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Editorial Commentary: Who Needs Knots Anyway?

      Abstract

      The arthroscopic knotless suture bridge technique is a common procedure used for rotator cuff repair. The ease of use, the versatility of this type of repair for most tears, and good outcomes make it a must for orthopaedic surgeons to have in their clinical toolbox.
      Although I am well into my practice, I can tell you that I still have my struggles with arthroscopic knots. Like all orthopaedic surgeons, I want my surgical procedures to look effortless. I want every motion in surgery to have a purpose and flow with no wasted energy or time in surgery. Then, I reach the tying of an arthroscopic knot. I know most surgeons have perfected this orthopaedic art, but this may be my Achilles heel and I may always struggle with these knots. Whether it is fumbling with the hemostat or maybe poor visualization of the knot going down to the soft tissue, a pesky piece of soft tissue that comes out of nowhere to sabotage knot security, or remembering on which throw to flip the post, I can tell you that many times, I am not that graceful or flowing. The job gets done and the suture knot holds . . . um, I think.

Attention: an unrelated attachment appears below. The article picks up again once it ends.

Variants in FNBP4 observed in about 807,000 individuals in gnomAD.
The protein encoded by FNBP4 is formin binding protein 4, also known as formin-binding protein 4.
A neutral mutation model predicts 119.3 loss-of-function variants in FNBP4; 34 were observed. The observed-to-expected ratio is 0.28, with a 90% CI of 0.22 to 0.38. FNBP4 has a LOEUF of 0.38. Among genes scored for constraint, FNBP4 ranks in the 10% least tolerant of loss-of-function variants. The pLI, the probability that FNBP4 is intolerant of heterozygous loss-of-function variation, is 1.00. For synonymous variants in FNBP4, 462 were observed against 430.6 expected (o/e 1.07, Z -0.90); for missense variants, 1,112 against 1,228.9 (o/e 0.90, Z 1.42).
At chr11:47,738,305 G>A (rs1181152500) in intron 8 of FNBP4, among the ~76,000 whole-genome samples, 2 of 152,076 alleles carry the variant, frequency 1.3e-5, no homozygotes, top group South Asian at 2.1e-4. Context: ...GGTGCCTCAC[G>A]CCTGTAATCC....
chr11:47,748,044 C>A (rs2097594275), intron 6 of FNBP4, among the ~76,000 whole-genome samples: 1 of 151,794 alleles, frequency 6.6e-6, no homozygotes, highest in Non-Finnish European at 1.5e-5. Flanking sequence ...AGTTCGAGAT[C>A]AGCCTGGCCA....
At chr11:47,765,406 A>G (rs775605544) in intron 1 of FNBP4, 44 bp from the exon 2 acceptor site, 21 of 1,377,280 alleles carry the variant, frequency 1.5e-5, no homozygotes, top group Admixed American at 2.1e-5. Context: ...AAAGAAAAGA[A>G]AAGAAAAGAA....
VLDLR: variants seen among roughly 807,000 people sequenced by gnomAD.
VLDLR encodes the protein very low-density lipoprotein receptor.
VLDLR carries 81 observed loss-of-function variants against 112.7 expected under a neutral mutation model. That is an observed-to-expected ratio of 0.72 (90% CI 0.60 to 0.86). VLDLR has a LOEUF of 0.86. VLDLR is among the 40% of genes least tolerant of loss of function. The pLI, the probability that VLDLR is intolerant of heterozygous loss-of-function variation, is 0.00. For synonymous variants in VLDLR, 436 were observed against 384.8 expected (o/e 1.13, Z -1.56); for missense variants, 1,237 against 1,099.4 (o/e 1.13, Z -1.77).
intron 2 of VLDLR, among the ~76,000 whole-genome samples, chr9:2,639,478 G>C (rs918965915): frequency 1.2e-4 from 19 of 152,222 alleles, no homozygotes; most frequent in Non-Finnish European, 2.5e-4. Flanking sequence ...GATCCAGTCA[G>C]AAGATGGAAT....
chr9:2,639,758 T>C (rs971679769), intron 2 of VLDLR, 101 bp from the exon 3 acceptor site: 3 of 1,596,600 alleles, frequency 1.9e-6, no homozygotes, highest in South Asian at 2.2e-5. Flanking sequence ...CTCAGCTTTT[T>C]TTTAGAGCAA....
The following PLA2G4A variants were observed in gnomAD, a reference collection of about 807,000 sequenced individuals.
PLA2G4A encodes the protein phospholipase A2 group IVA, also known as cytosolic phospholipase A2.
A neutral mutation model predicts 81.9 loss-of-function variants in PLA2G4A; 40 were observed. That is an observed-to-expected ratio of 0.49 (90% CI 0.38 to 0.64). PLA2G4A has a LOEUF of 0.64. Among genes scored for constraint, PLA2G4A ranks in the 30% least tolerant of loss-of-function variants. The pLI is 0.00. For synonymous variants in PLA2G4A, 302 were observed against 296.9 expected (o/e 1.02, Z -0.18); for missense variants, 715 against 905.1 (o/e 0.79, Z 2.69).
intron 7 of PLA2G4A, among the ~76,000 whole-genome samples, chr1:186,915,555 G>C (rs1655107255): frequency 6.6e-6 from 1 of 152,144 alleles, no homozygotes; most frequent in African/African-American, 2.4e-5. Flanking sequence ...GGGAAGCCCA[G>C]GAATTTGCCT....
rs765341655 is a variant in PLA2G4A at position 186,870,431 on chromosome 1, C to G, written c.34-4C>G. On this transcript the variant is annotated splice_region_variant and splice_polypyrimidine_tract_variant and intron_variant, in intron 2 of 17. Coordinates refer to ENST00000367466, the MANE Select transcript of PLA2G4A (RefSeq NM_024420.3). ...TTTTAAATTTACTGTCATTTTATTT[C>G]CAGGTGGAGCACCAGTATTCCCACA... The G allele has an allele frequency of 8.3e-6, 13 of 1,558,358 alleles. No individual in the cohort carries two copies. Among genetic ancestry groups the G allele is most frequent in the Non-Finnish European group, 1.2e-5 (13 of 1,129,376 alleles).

Looking back at my fellowship, I remember fondly the first couple of months learning the art and skill of tying an arthroscopic knot. I was so intimidated by all the different knot types and uses for each knot. One of my fellowship directors was Dr. F. Alan Barber. I used to call him the “King of the Knot and the Anchor” because he has performed multiple biomechanical studies on different knot types and anchors.
      • Barber F.A.
      • Herbert M.A.
      • Beavis R.C.
      Cyclic load and failure behavior of arthroscopic knots and high strength sutures.
      • Barber F.A.
      • Bava E.D.
      • Spenciner D.B.
      • Piccirillo J.
      Cyclic biomechanical testing of biocomposite lateral row knotless anchors in a human cadaveric model.
      I even went as far as building my own arthroscopic knot simulator with a cannula and knot pusher, on which I practiced my knot tying at home.
      Then, once out of my fellowship, I discovered the knotless suture bridge technique. This solved my problems because there was no longer a need to look clumsy when tying knots and the repair was solid. As with any new technique, outcomes are vital to measure the success or failure of a procedure. When I reviewed “Arthroscopic Rotator Cuff Repair With a Knotless Suture Bridge Technique: Functional and Radiological Outcomes After a Minimum Follow-Up of 5 Years” by Dukan, Ledinot, Donadio, and Boyer,
      • Dukan R.
      • Ledinot P.
      • Donadio J.
      • Boyer P.
      Arthroscopic rotator cuff repair with a knotless suture bridge technique: Functional and radiological outcomes after a minimum follow-up of 5 years.
      I was pleased to see that one of my standard procedures for rotator cuff repair was showing good midrange follow-up outcomes.